Q: How do you maintain consistency with quality from hospital to hospital?

Chef Jeffrey Quasha: We have amazing tools. We have the ability to send out something like a homework assignment. Recently, we asked our chefs to show us their chicken marsala or show us some of the new items that we’ve created for patients? So, we have the ability in real time to send out an assignment, and then they’re sending back actual images of their dishes. And then we can do virtual coaching. Our chefs are super engaged. I think that’s one way that we’ve been able to tackle having over a thousand hospitals across the country. We’ve also done culinary expos where we brought our regional teams together, and we’ve gone hands on in a kitchen. We’re actually cooking and working together and showing them what right looks like. I think that’s been a huge part of our business lately.

Kevin Door: I think that’s the secret to that. It’s like you can either tell them or you can show them. And I think people want to be taught, especially on the food side. It’s such a visual. You want to taste it. You want to touch it. You want to feel it. You want to fully experience it. I think that has been some of the secret to success, being able to use our virtual manager platform to scale across 1,000 hospitals. I can guarantee the way we’re doing things and guarantee the outcome.

Q: Another area of focus has been food presentation. How important is that to patient satisfaction?

Kevin Door: Patients didn’t come to the hospital to eat. Yes, they’re going to eat while they’re here, but they didn’t come there for the food. Right. So, they may not even be in the mood. That’s why it’s even more important for it to look amazing. They may not even eat it or want to eat a lot of it, but the least we could do is to make it look amazing. Beyond just the food presentation, I think it has a lot to do with the full experience. That word may be overused these day, but everything down to the plate they are using. What does the China look like? What is the silverware? What kind of tray is it on? Just like a hotel or restaurant, every single touchpoint matters.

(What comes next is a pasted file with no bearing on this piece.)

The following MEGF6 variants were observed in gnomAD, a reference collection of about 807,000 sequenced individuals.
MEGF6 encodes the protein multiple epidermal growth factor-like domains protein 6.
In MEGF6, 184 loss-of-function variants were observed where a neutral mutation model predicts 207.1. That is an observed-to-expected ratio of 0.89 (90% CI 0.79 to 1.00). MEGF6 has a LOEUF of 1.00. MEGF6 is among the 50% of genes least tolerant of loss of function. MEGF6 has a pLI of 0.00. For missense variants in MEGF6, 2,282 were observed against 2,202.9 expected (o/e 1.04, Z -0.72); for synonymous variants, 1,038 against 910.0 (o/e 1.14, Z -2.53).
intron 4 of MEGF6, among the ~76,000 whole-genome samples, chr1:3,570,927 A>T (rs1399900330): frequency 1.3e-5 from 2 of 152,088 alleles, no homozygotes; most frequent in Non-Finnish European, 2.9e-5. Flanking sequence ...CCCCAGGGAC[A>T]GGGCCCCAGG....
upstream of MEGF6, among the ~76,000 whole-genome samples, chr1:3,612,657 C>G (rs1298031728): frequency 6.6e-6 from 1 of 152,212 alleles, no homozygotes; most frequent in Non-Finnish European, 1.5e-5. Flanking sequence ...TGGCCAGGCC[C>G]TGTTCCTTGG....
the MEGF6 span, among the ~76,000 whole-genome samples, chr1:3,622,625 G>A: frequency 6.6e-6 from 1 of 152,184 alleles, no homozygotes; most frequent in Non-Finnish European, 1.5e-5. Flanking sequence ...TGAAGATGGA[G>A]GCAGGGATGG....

Q: You have to do that on a consistent basis, so people know what they’re going to get, right?

Chef Jeffrey Quasha: I think you nailed it. We get three chances a day to make it right. A lot of us have been the patient. We know the importance food can have on a hospital stay. Between routing and the nurses coming in and out of the room, there are three experiences that the patient can potentially control. If we don’t meet expectations, then the patient might not eat again until the next morning. So, we want our guests and patients to crave that next meal because it’s exciting and it’s a huge opportunity. We get 340 million opportunities a year, so we want to make sure that every single plate matters.

Q: We all know that food is medicine. So, if it if it looks good, smells good and tastes good, they’re going to be more inclined to eat healthy food, heal faster, be out of the hospital sooner. What is the impact of that?

Kevin Door: It is often said, food’s not nutrition until you eat it, So, you can have how many calories are in something on a spreadsheet, but it doesn’t matter unless it’s delicious first.